Museum presents new exhibit honoring artist Ethel Davis
TUSCUMBIA, Ala. (AP) — Ethel Davis died four years before her dream of an art museum for the entire Shoals was realized, but her legacy lives on at the Tennessee Valley Museum of Art and the numerous students she taught how to paint.
Davis, an artist and educator who lived most of her life in Sheffield and Tuscumbia, helped teach some of the most prominent, influential people in the Shoals, including doctors, lawyers and “socialites” at her “art barn” according to Leighton resident Louse Lenz.
On Sunday, the art museum will present a new exhibition called “Foundations — The Living Legacy of Ethel Davis,” to highlight this visionary artist, educator and advocate. The exhibition continues until Friday, Feb. 22.
Davis studied art at Montevallo, Birmingham-Southern and under New York artist Palp Pierson. Her art was known across the South and gained recognition nationally.
The Tennessee Valley Art Association was incorporated in 1964, but Davis died Nov. 2, 1968, four years before the Tennessee Valley Art Center was constructed. Her goal of an art museum was fully realized in 2009 when the art center became the Tennessee Valley Museum of Art.
In keeping with the spirit of Davis’ original Art Barn, the exhibit will include a hands-on creative space called the “Art Barn.”
This space will give every museum visitor the chance to create art using a variety of media, including some non-traditional supplies such as ash and shoe polish that Davis used in her own work. It will remain open for the duration of the exhibition and is available to all visitors with no extra charge, Museum Curator Mollie Schaefer-Thompson said.
She said Davis taught in an “art barn” adjacent to her home.
Schaefer-Thompson said the workshops will take place on Thursday, Jan. 31, and Thursday, Feb. 14, and will include a walk through and a workshop in the style of Ethel Davis. Admission for the workshop is $15.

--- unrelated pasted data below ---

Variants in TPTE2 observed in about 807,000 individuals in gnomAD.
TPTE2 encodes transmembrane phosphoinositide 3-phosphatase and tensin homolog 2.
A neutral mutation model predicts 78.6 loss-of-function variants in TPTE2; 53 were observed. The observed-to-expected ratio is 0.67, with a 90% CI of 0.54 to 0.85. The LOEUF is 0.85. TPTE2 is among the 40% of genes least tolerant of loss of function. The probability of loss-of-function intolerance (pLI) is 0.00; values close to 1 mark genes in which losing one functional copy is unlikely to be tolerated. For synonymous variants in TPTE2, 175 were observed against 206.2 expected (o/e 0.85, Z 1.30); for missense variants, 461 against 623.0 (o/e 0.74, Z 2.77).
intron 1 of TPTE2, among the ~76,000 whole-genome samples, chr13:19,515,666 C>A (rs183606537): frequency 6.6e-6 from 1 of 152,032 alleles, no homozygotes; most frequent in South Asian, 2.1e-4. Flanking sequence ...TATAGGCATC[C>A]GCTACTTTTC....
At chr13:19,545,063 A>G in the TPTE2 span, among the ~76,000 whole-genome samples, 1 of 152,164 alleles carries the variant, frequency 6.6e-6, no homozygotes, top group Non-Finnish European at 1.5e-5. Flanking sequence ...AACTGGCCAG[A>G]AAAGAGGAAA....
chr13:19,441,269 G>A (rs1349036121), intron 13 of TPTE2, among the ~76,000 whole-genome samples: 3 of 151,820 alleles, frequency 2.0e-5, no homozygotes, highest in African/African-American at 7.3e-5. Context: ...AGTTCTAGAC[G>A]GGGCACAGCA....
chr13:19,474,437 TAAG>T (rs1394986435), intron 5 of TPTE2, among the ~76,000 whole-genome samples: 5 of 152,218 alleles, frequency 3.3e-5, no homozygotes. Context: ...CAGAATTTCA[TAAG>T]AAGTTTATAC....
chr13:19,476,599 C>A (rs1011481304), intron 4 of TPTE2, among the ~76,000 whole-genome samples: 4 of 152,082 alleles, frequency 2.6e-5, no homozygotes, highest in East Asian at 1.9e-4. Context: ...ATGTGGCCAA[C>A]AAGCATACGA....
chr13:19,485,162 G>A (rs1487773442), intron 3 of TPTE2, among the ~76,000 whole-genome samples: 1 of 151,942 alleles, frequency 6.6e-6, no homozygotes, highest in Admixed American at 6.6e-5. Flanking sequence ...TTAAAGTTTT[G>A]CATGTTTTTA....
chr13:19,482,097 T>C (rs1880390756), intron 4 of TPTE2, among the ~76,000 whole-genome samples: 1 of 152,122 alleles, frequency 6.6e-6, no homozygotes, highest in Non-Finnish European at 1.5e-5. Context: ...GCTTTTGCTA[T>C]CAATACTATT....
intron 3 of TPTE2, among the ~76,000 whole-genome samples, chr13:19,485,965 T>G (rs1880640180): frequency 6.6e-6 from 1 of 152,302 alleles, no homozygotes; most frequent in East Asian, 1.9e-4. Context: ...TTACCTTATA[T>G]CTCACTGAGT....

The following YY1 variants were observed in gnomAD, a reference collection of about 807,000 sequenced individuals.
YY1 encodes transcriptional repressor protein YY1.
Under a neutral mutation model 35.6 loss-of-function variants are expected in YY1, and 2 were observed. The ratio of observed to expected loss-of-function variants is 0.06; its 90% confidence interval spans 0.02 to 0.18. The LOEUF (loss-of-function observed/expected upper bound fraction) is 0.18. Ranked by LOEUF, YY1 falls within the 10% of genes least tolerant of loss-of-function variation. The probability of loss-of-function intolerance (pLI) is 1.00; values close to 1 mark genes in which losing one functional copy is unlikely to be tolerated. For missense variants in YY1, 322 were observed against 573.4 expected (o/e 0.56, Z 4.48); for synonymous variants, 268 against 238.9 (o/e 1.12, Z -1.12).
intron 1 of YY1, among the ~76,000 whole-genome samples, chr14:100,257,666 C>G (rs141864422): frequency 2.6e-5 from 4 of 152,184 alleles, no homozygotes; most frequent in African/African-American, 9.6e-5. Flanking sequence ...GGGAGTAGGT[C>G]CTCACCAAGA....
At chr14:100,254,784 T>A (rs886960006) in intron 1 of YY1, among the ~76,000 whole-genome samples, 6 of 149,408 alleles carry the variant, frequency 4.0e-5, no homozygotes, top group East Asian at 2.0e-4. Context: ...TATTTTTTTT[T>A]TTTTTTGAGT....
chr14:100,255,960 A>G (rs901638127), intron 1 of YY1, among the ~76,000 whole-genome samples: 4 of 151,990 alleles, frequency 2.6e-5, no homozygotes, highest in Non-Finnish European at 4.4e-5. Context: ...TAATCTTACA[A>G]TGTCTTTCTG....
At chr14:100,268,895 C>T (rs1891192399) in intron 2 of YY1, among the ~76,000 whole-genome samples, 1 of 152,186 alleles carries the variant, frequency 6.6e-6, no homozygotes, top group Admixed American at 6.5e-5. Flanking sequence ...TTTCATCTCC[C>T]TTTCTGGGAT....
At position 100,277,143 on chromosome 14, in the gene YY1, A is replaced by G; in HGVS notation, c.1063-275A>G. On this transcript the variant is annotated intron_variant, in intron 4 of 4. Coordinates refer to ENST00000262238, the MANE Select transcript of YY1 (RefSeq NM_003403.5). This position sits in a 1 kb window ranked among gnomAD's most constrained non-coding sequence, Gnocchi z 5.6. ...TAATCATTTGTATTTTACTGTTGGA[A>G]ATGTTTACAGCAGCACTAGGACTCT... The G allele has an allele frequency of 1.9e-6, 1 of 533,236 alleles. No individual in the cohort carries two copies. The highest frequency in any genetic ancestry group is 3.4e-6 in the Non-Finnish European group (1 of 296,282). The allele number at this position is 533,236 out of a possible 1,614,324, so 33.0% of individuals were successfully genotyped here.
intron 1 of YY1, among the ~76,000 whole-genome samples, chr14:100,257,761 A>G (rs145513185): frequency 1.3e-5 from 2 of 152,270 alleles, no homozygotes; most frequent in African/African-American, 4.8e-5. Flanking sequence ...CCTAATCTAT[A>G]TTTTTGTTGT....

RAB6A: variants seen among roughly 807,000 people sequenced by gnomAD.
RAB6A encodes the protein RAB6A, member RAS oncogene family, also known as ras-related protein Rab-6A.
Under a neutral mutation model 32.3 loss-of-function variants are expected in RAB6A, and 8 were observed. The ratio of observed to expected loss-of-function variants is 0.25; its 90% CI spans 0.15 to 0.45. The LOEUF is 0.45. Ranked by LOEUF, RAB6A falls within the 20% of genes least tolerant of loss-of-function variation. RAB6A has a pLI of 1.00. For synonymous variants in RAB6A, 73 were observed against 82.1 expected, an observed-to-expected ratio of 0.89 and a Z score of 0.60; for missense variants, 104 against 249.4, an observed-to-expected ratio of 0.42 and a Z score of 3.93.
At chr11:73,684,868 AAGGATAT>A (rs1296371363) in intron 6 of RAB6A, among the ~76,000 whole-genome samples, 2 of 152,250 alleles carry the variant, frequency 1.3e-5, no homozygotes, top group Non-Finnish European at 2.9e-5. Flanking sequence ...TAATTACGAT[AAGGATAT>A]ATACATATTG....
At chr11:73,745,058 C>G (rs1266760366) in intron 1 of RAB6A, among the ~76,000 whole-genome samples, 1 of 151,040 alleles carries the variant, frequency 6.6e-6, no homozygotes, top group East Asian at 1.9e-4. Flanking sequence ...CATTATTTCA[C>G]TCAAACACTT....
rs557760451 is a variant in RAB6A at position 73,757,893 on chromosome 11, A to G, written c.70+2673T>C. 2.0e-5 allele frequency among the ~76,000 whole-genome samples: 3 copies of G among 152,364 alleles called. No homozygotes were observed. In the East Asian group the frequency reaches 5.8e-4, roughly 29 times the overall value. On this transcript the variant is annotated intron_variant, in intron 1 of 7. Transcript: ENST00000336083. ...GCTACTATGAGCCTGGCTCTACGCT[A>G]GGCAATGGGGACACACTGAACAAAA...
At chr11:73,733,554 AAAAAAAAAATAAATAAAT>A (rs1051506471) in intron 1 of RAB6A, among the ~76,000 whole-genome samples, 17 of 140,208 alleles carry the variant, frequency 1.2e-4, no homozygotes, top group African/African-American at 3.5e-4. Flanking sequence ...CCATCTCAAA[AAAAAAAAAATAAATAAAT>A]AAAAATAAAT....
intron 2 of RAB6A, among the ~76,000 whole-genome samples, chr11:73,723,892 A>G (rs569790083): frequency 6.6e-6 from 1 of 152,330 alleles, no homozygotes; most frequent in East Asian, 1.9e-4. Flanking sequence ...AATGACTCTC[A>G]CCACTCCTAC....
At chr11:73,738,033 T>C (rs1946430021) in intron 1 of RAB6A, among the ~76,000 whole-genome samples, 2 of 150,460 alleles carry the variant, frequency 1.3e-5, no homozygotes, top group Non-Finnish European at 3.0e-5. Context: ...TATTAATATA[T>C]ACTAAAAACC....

When visitors arrive and enter the art barn, they will be greeted by a nearly life size portrait of Davis painted by Tuscumbia portrait artist Martha Carpenter, who trained with Davis as a child.
She said it will be a full figure painting of Davis surrounded by some of her artwork grouped around her.
“I had always wanted to do a portrait of Ethel,” Carpenter said.
The 72-inch by 36-inch painting will be unveiled during the opening of the exhibition.
The Tennessee Valley Museum of Art’s new Systems Administrator Jim Berryman, said while Davis could paint realistically with traditional techniques, she invented her own experimental style using non-traditional materials and a vibrant use of color.
“She explored so many styles,” Schaefer-Thompson said.
She said Davis didn’t begin painting seriously until she turned 50. Her early work involved landscapes, then moved into a more impressionistic style and the exploration of cubism.
“That’s why it’s so inspiring,” Schaefer-Thompson said.
Berryman said Davis also explored themes of religion and everyday life and recorded an era and time gone by.
“She was very technically skilled but yet she often used child-like depictions in her art,” Berryman said. “The themes she was exploring in much of her work were more important than technical execution to her. She had a clear notion as to who she was as a person and as an artist, and that tied into the rest of her character.”
Admission is $5 for adults and $3 for students, and free on Sundays. The museum is open 9 a.m.-5 p.m. Monday-Friday and 1-3 p.m. Sundays. The museum is at 511 N. Water St. in Tuscumbia.
Information from: TimesDaily, http://www.timesdaily.com/